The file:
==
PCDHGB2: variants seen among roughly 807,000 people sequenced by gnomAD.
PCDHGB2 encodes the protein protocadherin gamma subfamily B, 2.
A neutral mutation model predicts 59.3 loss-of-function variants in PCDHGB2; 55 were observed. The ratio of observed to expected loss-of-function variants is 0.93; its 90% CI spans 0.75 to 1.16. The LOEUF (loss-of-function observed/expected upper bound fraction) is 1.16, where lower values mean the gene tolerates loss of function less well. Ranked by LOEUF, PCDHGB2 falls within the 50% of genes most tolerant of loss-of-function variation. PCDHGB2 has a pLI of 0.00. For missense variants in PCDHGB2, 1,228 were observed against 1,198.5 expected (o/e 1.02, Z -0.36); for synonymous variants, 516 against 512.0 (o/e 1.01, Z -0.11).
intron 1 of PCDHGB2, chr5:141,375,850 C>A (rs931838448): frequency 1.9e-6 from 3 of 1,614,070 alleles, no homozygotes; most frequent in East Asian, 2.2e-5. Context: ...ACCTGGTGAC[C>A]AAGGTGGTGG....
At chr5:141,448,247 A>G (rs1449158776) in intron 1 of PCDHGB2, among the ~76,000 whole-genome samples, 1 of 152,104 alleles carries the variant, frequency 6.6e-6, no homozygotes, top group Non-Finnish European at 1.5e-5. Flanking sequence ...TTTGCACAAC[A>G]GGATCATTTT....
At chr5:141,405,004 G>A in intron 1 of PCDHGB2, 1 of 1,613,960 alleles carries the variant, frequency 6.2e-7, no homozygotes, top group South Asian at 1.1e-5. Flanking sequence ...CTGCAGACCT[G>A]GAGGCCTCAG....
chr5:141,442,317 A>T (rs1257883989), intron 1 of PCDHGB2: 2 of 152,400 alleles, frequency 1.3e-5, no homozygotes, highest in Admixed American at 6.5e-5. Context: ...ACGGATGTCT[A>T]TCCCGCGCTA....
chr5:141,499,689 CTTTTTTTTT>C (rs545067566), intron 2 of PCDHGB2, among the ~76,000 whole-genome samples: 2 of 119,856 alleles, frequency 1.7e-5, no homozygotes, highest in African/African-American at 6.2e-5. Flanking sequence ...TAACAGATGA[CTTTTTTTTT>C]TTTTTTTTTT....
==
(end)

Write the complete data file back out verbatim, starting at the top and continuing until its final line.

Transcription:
PCDHGB2: variants seen among roughly 807,000 people sequenced by gnomAD.
PCDHGB2 encodes the protein protocadherin gamma subfamily B, 2.
A neutral mutation model predicts 59.3 loss-of-function variants in PCDHGB2; 55 were observed. The ratio of observed to expected loss-of-function variants is 0.93; its 90% CI spans 0.75 to 1.16. The LOEUF (loss-of-function observed/expected upper bound fraction) is 1.16, where lower values mean the gene tolerates loss of function less well. Ranked by LOEUF, PCDHGB2 falls within the 50% of genes most tolerant of loss-of-function variation. PCDHGB2 has a pLI of 0.00. For missense variants in PCDHGB2, 1,228 were observed against 1,198.5 expected (o/e 1.02, Z -0.36); for synonymous variants, 516 against 512.0 (o/e 1.01, Z -0.11).
intron 1 of PCDHGB2, chr5:141,375,850 C>A (rs931838448): frequency 1.9e-6 from 3 of 1,614,070 alleles, no homozygotes; most frequent in East Asian, 2.2e-5. Context: ...ACCTGGTGAC[C>A]AAGGTGGTGG....
At chr5:141,448,247 A>G (rs1449158776) in intron 1 of PCDHGB2, among the ~76,000 whole-genome samples, 1 of 152,104 alleles carries the variant, frequency 6.6e-6, no homozygotes, top group Non-Finnish European at 1.5e-5. Flanking sequence ...TTTGCACAAC[A>G]GGATCATTTT....
At chr5:141,405,004 G>A in intron 1 of PCDHGB2, 1 of 1,613,960 alleles carries the variant, frequency 6.2e-7, no homozygotes, top group South Asian at 1.1e-5. Flanking sequence ...CTGCAGACCT[G>A]GAGGCCTCAG....
chr5:141,442,317 A>T (rs1257883989), intron 1 of PCDHGB2: 2 of 152,400 alleles, frequency 1.3e-5, no homozygotes, highest in Admixed American at 6.5e-5. Context: ...ACGGATGTCT[A>T]TCCCGCGCTA....
chr5:141,499,689 CTTTTTTTTT>C (rs545067566), intron 2 of PCDHGB2, among the ~76,000 whole-genome samples: 2 of 119,856 alleles, frequency 1.7e-5, no homozygotes, highest in African/African-American at 6.2e-5. Flanking sequence ...TAACAGATGA[CTTTTTTTTT>C]TTTTTTTTTT....